Four ways to keep pace with complexity in the marketplace.
by Stuart Roy, February 2011
Over the past two decades, supply chain organizations have become much more responsive to customer demand. This evolution was largely achieved by eliminating inefficiencies, integrating processes, and manufacturing products only after receipt of an order. But globalization, outsourcing, complex sourcing relationships, and a volatile economic climate have limited the competitive advantage of simply automating the supply chain. It’s not enough.
Today’s supply chain needs to sense and respond to changes in real time and use information to drive intelligent decision-making. This requires tight alignment between planning and execution, decision-making, and collaboration.
But progress is limited by poor integration, a lack of supplier orchestration, limited visibility into demand, and poor data quality. Fortunately, solutions exist to deal with each of these issues.
Integrate planning and execution. Operational planning processes involve evaluating demand and manufacturing capacity and developing plans and schedules to meet that demand. But existing process is largely hierarchical, serial, and static. Most companies separate planning from supply chain execution—but tighter alignment is necessary as timescales compress. Sales and operations planning (S&OP) is the primary integration point between planning and execution. As such, S&OP is in a perfect position to align the objectives of finance, sales, marketing, and operations departments. Most companies lack the tools to support S&OP, but deploying optimization tools and increasing the frequency of S&OP activity can improve performance.
Planning can also be improved by electronically populating tools with more-granular business data—including market, customer, and product information—to more accurately reflect the complexity of the marketplace.
Improve supplier orchestration. Supply chain visibility has become increasingly complex as companies outsource manufacturing and form complex and strategic supplier relationships. Collaborative planning and process orchestration capabilities have not evolved to keep pace. Supply chain organizations must eliminate this latency to orchestrate activities across organizational boundaries.
Collaboration tools and intelligent alerts can electronically share plans and schedules, track supplier commitments, and deal with exceptions. Using a service-oriented architecture (SOA), companies can develop reusable, device-independent collaboration services to address these needs. Standards-based communication protocols can then be used to bridge system gaps with suppliers.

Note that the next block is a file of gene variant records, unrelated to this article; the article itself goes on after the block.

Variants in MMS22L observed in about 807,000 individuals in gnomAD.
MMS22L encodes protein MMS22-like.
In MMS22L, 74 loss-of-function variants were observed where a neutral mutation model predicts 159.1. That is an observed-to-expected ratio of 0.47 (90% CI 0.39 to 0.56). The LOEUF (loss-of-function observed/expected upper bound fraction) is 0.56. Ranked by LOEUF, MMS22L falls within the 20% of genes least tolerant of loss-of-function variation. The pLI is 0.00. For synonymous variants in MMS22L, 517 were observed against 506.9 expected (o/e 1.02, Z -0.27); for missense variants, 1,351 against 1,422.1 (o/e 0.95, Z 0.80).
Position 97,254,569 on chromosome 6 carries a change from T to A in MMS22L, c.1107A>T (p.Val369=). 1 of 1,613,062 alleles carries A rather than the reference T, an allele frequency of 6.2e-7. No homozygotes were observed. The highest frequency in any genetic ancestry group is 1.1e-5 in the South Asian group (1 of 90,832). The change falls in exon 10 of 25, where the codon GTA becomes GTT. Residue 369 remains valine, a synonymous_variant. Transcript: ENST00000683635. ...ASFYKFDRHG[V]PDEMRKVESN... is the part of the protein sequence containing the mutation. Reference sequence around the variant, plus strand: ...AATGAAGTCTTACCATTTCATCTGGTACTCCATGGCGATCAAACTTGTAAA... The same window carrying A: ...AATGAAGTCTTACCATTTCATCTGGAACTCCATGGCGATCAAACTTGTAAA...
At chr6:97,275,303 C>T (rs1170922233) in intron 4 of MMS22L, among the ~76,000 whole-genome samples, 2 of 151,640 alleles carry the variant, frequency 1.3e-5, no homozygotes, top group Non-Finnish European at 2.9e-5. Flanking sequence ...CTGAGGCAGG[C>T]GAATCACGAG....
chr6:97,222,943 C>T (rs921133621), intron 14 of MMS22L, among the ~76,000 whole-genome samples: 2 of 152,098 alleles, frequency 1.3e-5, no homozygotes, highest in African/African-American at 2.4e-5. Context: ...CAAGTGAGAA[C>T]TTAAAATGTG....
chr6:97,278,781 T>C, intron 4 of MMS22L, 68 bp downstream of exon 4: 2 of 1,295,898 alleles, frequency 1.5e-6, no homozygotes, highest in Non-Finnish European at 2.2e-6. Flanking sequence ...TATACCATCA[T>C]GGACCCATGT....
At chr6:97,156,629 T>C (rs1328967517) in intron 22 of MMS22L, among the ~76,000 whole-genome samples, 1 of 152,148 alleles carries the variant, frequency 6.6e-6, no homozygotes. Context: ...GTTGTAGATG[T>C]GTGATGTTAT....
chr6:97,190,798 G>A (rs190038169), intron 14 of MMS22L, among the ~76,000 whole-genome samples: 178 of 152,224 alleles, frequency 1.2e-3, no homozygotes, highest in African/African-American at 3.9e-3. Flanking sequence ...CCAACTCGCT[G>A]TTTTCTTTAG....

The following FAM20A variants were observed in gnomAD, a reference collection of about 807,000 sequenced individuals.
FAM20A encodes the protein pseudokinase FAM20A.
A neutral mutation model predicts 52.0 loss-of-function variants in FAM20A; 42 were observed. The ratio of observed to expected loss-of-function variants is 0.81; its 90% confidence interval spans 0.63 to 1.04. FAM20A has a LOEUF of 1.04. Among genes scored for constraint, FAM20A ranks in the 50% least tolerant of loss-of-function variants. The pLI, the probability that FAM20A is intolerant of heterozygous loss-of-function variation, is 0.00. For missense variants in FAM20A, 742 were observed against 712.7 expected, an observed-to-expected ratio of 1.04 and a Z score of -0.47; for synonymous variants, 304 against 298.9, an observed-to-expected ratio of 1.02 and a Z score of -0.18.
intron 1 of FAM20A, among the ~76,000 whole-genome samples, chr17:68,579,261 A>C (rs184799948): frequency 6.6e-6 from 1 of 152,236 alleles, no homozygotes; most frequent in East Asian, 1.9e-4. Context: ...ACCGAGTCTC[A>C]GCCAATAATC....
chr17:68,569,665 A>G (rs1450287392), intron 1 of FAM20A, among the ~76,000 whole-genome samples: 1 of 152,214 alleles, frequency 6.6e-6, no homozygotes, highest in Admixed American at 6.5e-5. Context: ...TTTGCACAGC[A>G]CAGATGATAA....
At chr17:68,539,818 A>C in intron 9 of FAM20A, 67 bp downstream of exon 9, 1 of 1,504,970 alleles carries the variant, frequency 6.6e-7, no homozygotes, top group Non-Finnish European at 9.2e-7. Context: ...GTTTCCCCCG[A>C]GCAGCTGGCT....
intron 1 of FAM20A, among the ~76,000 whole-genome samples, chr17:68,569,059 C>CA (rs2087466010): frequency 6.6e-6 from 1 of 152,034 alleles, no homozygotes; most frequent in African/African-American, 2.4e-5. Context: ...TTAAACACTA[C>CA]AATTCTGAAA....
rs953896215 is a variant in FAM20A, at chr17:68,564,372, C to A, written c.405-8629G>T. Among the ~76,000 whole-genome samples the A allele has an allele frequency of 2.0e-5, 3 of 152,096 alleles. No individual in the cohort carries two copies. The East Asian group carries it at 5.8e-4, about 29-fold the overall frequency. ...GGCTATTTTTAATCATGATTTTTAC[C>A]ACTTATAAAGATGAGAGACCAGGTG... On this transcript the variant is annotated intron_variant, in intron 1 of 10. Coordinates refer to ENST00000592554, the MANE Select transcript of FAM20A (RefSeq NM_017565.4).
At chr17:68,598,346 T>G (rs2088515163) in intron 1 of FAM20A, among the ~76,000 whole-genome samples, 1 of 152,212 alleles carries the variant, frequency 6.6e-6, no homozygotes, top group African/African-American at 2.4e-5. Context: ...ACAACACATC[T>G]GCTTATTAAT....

Improve visibility into demand. Many organizations have a lagging and incomplete view of demand due to both lack of information-sharing between channel partners and manual data collection and processing. Supply chain automation can sense demand across multiple distribution channels closer to the point of consumption and streamline demand management. IT systems can capture sales transaction data at checkout, measuring product sold to the end customer and distribution channel and gauging actual customer sales made against a contracted sales volume.
Improve data quality. Although process integration has significantly reduced order-to-delivery lead time, data latency and quality issues remain. Supply chain executives frequently cite difficulty accessing information for decision-making. Dependence on multiple supply chain systems with limited integration is typically to blame. System consolidation or standardizing on a common integration tool such as Oracle Application Integration Architecture can connect disparate systems, creating an integrated platform. By eliminating data latency and quality issues, managers can use real-time information to respond immediately to changing business conditions.
The real-time supply chain will immediately detect changes in demand, supply, and business conditions. Advanced analytics will drive real-time decision-making. Collaboration tools will promote interaction with partners and vendors, synchronizing activities across the supply chain. The resulting supply chain exhibits greater flexibility, better responsiveness, higher delivery service levels, and the ability to respond to changing business conditions while reducing inventory, risk, and cost.
Stuart Roy is senior director of industry strategy and insight at Oracle.